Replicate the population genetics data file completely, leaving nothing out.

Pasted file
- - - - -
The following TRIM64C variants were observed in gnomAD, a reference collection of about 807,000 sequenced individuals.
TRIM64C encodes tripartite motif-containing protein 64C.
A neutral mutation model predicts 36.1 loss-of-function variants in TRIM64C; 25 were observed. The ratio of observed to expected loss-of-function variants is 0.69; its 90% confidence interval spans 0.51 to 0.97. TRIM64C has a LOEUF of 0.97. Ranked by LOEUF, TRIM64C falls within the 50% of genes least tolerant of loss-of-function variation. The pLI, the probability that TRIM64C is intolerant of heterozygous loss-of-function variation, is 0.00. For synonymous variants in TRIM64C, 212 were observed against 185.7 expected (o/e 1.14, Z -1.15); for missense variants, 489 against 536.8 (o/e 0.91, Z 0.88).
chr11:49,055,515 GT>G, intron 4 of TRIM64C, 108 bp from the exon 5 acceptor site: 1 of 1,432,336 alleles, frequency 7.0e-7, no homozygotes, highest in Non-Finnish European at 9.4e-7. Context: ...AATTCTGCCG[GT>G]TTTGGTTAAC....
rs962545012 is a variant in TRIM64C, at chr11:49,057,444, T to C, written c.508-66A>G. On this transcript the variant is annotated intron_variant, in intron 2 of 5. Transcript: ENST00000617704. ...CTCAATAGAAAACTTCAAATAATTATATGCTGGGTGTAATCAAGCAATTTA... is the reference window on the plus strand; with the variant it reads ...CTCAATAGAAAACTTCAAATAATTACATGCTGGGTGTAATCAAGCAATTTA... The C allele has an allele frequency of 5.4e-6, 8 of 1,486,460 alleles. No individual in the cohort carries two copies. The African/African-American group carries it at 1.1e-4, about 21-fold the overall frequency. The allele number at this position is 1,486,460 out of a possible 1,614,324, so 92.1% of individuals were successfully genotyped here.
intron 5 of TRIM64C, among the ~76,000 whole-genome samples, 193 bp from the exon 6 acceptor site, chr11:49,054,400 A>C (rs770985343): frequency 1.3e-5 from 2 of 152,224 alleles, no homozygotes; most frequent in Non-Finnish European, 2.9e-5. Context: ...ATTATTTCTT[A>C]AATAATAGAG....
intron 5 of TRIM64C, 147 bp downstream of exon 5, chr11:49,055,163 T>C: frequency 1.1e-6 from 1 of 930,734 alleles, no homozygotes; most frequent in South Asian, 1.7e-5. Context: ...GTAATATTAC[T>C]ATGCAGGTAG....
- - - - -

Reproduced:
The following TRIM64C variants were observed in gnomAD, a reference collection of about 807,000 sequenced individuals.
TRIM64C encodes tripartite motif-containing protein 64C.
A neutral mutation model predicts 36.1 loss-of-function variants in TRIM64C; 25 were observed. The ratio of observed to expected loss-of-function variants is 0.69; its 90% confidence interval spans 0.51 to 0.97. TRIM64C has a LOEUF of 0.97. Ranked by LOEUF, TRIM64C falls within the 50% of genes least tolerant of loss-of-function variation. The pLI, the probability that TRIM64C is intolerant of heterozygous loss-of-function variation, is 0.00. For synonymous variants in TRIM64C, 212 were observed against 185.7 expected (o/e 1.14, Z -1.15); for missense variants, 489 against 536.8 (o/e 0.91, Z 0.88).
chr11:49,055,515 GT>G, intron 4 of TRIM64C, 108 bp from the exon 5 acceptor site: 1 of 1,432,336 alleles, frequency 7.0e-7, no homozygotes, highest in Non-Finnish European at 9.4e-7. Context: ...AATTCTGCCG[GT>G]TTTGGTTAAC....
rs962545012 is a variant in TRIM64C, at chr11:49,057,444, T to C, written c.508-66A>G. On this transcript the variant is annotated intron_variant, in intron 2 of 5. Transcript: ENST00000617704. ...CTCAATAGAAAACTTCAAATAATTATATGCTGGGTGTAATCAAGCAATTTA... is the reference window on the plus strand; with the variant it reads ...CTCAATAGAAAACTTCAAATAATTACATGCTGGGTGTAATCAAGCAATTTA... The C allele has an allele frequency of 5.4e-6, 8 of 1,486,460 alleles. No individual in the cohort carries two copies. The African/African-American group carries it at 1.1e-4, about 21-fold the overall frequency. The allele number at this position is 1,486,460 out of a possible 1,614,324, so 92.1% of individuals were successfully genotyped here.
intron 5 of TRIM64C, among the ~76,000 whole-genome samples, 193 bp from the exon 6 acceptor site, chr11:49,054,400 A>C (rs770985343): frequency 1.3e-5 from 2 of 152,224 alleles, no homozygotes; most frequent in Non-Finnish European, 2.9e-5. Context: ...ATTATTTCTT[A>C]AATAATAGAG....
intron 5 of TRIM64C, 147 bp downstream of exon 5, chr11:49,055,163 T>C: frequency 1.1e-6 from 1 of 930,734 alleles, no homozygotes; most frequent in South Asian, 1.7e-5. Context: ...GTAATATTAC[T>C]ATGCAGGTAG....